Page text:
Mystical theology looks for and embraces the best conventional forms of representing the absolute truth of God while also recognizing and understanding how and why other forms of conventional truth are necessary. We must be able to skillfully employ words to help lead others to the truth beyond words; we must be able to use what God has given us in his grace as the means by which we can correct and redirect those who misunderstand our words by over-literalization, even as we must also use what has been given us as the means by which those words are to be made. Proper mystical theology can only be done after some sort of enlightenment from God, while it is possible for others, who realize the truth being discussed in and through mystical theologians, to follow mystical theology in a derivative form and still contribute to the discussion.
Our experience, when verified, gives vitality to our theology. And yet we must realize, because of the transcendence of God, that whatever we experience and come to know, we still have not comprehend God and so we have an infinite distance from ourselves and the absolute truth as it is in itself. We will always have more to experience, and we are likely to find someone who has experienced more than us to whom we should humbly listen and try to discern what they have to offer us. We are called to help each other, to share with each other the revelation and experiences we receive from God. Therefore, we are not to let ourselves become stuck in a quietist retreat seeking for greater and greater revelation from God ignoring what we have received and how it can be used to help others.Thus, Dionysius wrote on how we descend from above when we theologize, as we give discourses about God to others, adding and employing more and more words as necessary to help them understand what it is we have to offer, while we ascend in meditation to a silence, becoming wholly voiceless so that we can be open to and unite ourselves to the transcendent unutterable truth which is found in God:
In the other case, the discourse, in descending from the above to the lowest, is widened according to the descent, to a proportionate extent; but now, in ascending from below to that which is above, in proportion to the ascent, it is contracted, and after a complete ascent, it will become wholly voiceless, and will be wholly united to the unutterable.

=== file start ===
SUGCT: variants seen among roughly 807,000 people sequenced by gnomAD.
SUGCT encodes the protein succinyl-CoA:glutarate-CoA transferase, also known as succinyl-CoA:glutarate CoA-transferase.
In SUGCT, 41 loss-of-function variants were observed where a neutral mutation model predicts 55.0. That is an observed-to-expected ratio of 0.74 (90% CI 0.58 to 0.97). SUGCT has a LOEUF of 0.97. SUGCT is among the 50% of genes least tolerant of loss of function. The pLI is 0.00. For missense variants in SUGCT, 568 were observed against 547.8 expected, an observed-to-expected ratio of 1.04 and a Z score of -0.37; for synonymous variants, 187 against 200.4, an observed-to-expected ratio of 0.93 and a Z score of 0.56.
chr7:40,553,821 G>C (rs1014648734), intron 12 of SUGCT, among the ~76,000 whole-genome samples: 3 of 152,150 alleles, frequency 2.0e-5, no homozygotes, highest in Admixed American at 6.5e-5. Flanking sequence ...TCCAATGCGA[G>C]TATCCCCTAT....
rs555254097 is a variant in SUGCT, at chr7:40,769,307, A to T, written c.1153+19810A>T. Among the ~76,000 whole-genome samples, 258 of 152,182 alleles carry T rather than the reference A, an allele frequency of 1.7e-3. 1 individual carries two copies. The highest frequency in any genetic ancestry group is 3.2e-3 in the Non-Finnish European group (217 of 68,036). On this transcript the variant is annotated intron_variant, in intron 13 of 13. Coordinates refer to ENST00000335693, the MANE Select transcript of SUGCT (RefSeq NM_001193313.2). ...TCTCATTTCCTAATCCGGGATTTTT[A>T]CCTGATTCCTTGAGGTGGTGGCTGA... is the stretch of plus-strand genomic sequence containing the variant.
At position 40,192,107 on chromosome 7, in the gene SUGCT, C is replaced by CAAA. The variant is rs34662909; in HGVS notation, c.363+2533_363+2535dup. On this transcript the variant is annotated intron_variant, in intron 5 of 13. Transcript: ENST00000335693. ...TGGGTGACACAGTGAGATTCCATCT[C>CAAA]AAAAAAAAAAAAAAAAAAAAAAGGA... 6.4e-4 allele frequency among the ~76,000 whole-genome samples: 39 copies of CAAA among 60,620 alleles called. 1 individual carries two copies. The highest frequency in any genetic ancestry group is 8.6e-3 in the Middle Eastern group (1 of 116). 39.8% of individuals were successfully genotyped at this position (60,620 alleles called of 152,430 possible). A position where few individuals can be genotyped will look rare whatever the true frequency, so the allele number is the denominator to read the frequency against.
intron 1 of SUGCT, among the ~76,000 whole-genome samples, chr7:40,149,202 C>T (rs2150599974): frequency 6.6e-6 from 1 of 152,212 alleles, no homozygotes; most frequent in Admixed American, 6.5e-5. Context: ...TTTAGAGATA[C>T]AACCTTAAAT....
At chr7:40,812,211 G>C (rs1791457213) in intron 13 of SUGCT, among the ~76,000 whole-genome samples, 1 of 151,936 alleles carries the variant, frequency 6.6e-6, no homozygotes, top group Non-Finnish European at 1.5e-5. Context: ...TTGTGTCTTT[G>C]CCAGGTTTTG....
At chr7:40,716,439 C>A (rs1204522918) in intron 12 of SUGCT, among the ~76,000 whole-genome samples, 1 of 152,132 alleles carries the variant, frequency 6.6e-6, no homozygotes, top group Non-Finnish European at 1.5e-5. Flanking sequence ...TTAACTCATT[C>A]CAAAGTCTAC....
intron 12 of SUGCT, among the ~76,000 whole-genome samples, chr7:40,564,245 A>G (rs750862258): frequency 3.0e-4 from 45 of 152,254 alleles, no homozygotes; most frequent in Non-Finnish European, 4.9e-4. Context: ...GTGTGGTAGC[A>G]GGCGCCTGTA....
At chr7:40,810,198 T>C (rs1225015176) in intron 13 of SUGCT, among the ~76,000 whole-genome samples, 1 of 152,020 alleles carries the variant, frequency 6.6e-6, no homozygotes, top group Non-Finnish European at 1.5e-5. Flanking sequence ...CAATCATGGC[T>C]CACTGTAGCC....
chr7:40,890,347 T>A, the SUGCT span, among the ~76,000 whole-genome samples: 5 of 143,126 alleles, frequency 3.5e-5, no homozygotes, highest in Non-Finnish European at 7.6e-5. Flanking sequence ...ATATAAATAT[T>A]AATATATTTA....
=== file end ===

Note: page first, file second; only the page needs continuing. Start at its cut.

This is why Dionysius, in his whole discourse of the Mystical Theology, wrote not only of the basic truths of the Christian faith, affirming that dogmatic theology represents the truth of God as God revealed them to us, but also on the means of going beyond a simplistic understanding of the faith to engaging the greater truths which are being represented by those dogmatic truths. He explained how we are to understand the words we use, accepting their positive value but also their limitations, so we do not get stuck in mere conventions and ignore the greater truth which is meant to be conveyed by them. This, then, has Dionysius affirm them in their intention and meaning but also deny them in relation to the fact that the transcendent truth cannot be contained by any conventions, thoughts or words. As God is beyond all thought and speech, we are directed to the truth in silence; the more we ascend and find ourselves abstracting all that is not the truth from our conventions, the greater the proportion of such truth is to be found in our words, the less our words will be or will need to be to share with others who are close to our relative position in relation to the truth itself. Sometimes, it can be only one words, or some wordless presentation of the truth, which will allow such a transmission of truth to be given out; but those who are not yet ready will need more, indeed, often much more through a variety of analogies to help steer them in the right direction.